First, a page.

I lacked the ability to see that potential as well. I got bullied a lot at his age. Moved around from school to school, so I was the new kid every year. It was difficult enough for me to make friends as it was. I thought there must be something wrong with me. I'm into this stuff and nobody else seems to be. My thought obviously was that I wasn't into the things that I was supposed to be into. It got so bad that in middle school I dealt with depression and I attempted to take my own life because I didn't feel like who I was as a person had value. I got therapy — shout out to therapy.
But you saw yourself in Nazir at that moment.
Exactly. I wanted to build something that could positively represent. I think that as artists and writers we can overstate that impact of representation alone. There are people that legitimately believe if I write a comic that has a black character, all I needed to do is put that out into the ether. And then suddenly the world is just going to change. Because this one kid saw this one black character in one 22-page comic. I knew that that wasn't how it worked. I had to answer the question of what sustainable impact looks like for representation. How can you chart out that impact and show it? I started doing a bunch of research.
Milestone was a company with a similar goal of representation and inclusion. Did you look into them during your research?
I remember looking up information about Milestone in high school and feeling really inspired. I was, of course, a huge fan of Static Shock. A couple of years ago I actually had the opportunity to meet Derek T. Dingle from the original Milestone crew. We had amazing conversations about comics. I love what they did, but I don't like how the industry treated them.
If there's anything that I learned from Milestone it's that the industry at large has the potential to be very vicious. It can take kindhearted people with the most amazing intentions and chew them up. We wanted to take the heart of what creatively they were doing while being aware of how things ended for them. Asking how we can position ourselves as a business to make sure that we're sustainable.
Where else did your research take you?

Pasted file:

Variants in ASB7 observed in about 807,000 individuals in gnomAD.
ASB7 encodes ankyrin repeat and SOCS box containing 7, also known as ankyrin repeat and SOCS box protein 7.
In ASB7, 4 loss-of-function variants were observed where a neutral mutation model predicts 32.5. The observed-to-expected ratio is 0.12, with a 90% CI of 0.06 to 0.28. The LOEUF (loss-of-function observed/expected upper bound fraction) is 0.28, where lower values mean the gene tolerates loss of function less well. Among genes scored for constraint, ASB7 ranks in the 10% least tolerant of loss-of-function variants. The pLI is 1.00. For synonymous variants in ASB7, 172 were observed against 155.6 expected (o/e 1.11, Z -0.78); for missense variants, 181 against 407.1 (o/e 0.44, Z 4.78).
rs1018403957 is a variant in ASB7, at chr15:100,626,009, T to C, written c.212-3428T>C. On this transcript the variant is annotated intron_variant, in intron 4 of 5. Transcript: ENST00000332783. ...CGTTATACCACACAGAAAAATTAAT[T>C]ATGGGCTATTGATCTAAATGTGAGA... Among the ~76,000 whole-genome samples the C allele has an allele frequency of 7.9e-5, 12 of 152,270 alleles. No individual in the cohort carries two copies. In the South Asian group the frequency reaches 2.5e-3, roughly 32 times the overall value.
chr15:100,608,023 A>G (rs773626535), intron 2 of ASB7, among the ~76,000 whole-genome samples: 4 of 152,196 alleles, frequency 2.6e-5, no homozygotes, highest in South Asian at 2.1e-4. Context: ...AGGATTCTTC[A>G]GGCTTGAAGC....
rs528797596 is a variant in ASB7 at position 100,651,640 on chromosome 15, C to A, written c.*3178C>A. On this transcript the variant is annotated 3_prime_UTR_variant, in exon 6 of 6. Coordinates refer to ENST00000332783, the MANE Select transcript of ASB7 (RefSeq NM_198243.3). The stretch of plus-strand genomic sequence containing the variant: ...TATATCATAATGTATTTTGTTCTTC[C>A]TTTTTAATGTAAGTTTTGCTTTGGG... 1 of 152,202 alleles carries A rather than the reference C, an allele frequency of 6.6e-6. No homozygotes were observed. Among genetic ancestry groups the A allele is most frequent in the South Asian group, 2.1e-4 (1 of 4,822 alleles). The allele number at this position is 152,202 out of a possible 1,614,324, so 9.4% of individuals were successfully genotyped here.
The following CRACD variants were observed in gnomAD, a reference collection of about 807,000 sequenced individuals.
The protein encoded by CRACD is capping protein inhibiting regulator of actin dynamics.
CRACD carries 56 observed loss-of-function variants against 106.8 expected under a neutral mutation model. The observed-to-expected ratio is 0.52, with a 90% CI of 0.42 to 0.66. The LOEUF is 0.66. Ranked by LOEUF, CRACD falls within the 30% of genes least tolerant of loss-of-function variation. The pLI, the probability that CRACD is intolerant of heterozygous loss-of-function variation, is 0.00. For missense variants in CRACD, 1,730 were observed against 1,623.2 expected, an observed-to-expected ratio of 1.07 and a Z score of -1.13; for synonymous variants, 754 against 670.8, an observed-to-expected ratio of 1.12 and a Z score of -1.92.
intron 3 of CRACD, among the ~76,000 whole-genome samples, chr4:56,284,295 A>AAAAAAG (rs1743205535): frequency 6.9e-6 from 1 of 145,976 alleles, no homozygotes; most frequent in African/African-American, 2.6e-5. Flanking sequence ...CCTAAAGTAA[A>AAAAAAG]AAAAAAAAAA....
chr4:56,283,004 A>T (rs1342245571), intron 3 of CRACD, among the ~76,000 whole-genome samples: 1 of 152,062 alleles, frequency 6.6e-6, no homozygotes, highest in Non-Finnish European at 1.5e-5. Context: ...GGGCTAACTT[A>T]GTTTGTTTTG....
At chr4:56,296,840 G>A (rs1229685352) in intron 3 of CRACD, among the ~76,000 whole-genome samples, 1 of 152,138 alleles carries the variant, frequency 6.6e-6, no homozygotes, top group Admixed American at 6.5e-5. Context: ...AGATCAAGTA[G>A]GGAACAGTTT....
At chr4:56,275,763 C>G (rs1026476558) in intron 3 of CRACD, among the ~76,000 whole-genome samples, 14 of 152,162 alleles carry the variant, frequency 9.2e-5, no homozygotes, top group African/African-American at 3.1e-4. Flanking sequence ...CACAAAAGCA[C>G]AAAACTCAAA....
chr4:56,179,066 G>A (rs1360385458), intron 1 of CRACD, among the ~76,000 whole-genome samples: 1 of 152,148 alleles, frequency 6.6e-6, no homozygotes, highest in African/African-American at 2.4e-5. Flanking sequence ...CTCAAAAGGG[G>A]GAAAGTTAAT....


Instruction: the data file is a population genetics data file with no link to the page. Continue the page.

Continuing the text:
I got a research grant from my university to study media representation. I spent a semester in Japan researching storytelling techniques. Moved on to an internship at NBC. And right before I graduated from college I found out that we were getting an $80,000 grant from an organization called the Echoing Green Foundation. I joke that the leaders of tomorrow are also the crazy people of today. Echoing Green looked at my crazy and essentially said, "Hey, it's kinda dope. We like it. Let's cut him a check."
So what's the model for sustainability for Weird Enough?
We put the comic out online for free and also launched a print version of the comic for the first time. We partner it with programs and curricula that are used in schools, libraries, and afterschool programs around the country for things like literacy, social-emotional learning, and digital citizenship.
We'd be remiss if I didn't ask you about your TED talk from 2018.
It changed the trajectory for our work in a lot of ways. The TED talk was a conversation I would have with people in person all the time. All the emails and messages that I've gotten from teachers playing it in their class let me know that in order to positively change the world we have to be courageous and embrace our truth. It's ironic that the plot of out comic ties into that lesson as well.
What are your plans for Weird Enough moving forward?
You always have to have a plan, you can stumble into a lot of places, but it's very difficult to stumble into the success. When I think of Weird Enough's future, I think that everything that we're doing today is directly in line with what we're planning for the next five to ten years. Our artists are amazing. The team and the editors I get to work with are amazing. Right now our focus is really on The UnCommons and making sure that we get it into the hands of as many young people as possible.